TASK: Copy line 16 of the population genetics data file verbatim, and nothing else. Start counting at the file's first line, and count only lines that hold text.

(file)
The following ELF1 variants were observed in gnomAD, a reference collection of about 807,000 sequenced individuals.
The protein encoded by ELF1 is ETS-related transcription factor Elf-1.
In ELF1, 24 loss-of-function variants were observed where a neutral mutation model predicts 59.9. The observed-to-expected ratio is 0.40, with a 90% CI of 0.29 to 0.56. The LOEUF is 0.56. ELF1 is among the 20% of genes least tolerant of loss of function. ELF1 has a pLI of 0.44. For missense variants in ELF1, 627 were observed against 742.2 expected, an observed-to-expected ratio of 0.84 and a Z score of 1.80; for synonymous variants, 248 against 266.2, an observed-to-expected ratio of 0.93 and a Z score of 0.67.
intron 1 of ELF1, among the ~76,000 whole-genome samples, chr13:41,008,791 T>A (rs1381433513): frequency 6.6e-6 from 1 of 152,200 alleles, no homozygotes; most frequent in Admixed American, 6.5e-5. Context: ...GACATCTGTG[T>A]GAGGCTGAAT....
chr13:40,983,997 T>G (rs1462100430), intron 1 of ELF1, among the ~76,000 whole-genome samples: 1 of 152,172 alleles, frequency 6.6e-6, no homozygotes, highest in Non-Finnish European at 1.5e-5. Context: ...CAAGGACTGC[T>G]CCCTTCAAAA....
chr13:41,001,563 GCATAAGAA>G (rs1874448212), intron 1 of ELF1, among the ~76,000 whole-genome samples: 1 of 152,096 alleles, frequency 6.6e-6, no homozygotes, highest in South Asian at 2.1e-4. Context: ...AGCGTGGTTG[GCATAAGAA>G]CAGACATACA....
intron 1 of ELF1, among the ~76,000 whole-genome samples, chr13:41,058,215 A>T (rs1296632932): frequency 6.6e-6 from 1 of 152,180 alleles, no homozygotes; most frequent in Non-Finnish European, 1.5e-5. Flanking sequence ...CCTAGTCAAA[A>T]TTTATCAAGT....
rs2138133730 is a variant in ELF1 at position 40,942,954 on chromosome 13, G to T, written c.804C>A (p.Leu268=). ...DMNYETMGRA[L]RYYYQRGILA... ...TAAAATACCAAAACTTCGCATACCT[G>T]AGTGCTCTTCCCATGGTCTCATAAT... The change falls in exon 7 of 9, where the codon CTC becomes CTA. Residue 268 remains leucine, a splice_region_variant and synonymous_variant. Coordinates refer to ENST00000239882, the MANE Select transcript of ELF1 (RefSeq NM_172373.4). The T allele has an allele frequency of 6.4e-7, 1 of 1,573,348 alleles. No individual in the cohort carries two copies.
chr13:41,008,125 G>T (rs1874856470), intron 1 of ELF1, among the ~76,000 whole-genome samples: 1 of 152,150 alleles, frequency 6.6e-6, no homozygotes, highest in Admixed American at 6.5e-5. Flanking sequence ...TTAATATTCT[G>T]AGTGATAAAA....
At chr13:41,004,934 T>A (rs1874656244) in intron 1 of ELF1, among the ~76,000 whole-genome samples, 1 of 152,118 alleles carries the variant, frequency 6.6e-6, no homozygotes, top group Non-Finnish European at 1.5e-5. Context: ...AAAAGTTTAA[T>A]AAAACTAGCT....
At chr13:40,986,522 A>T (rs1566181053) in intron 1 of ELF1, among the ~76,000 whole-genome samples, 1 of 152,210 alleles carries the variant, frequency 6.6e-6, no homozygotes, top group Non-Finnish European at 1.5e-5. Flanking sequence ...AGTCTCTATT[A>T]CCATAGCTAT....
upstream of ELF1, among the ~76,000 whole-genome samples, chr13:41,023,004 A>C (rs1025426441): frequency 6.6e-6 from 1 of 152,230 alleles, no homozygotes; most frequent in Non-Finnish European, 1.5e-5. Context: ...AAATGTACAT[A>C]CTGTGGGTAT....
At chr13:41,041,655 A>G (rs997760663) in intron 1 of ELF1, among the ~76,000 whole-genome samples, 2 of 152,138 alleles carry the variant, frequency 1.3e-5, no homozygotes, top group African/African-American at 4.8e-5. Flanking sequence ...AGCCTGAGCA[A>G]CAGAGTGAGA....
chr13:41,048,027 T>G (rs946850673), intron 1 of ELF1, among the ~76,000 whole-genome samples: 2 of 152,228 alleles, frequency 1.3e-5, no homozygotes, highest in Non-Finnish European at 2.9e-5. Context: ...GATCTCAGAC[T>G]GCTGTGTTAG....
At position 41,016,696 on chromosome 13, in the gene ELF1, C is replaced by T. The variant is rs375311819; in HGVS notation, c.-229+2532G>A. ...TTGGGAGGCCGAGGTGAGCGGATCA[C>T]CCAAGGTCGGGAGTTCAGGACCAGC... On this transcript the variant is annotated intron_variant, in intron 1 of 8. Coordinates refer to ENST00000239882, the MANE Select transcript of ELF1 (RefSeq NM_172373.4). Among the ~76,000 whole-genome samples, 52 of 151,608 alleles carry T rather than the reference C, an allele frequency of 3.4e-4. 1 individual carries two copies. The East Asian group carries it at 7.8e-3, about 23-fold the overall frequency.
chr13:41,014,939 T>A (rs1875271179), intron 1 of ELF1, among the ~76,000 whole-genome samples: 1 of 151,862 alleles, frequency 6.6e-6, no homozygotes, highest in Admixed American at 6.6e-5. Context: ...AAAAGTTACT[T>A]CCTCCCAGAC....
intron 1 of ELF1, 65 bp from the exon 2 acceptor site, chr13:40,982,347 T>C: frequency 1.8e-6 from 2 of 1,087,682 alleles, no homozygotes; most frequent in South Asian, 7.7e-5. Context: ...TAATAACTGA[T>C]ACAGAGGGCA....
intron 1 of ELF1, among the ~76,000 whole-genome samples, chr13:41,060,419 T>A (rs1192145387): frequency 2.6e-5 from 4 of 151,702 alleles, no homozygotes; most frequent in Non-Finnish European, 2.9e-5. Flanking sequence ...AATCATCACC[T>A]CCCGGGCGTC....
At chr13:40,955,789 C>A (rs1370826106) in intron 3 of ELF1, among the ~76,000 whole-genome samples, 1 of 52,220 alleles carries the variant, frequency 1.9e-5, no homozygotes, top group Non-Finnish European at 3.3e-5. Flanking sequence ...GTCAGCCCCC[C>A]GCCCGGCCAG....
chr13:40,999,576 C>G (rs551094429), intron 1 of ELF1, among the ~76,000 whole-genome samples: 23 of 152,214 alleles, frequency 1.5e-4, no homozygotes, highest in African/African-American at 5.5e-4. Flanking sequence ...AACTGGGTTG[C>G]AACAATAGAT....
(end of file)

chr13:41,014,939 T>A (rs1875271179), intron 1 of ELF1, among the ~76,000 whole-genome samples: 1 of 151,862 alleles, frequency 6.6e-6, no homozygotes, highest in Admixed American at 6.6e-5. Context: ...AAAAGTTACT[T>A]CCTCCCAGAC....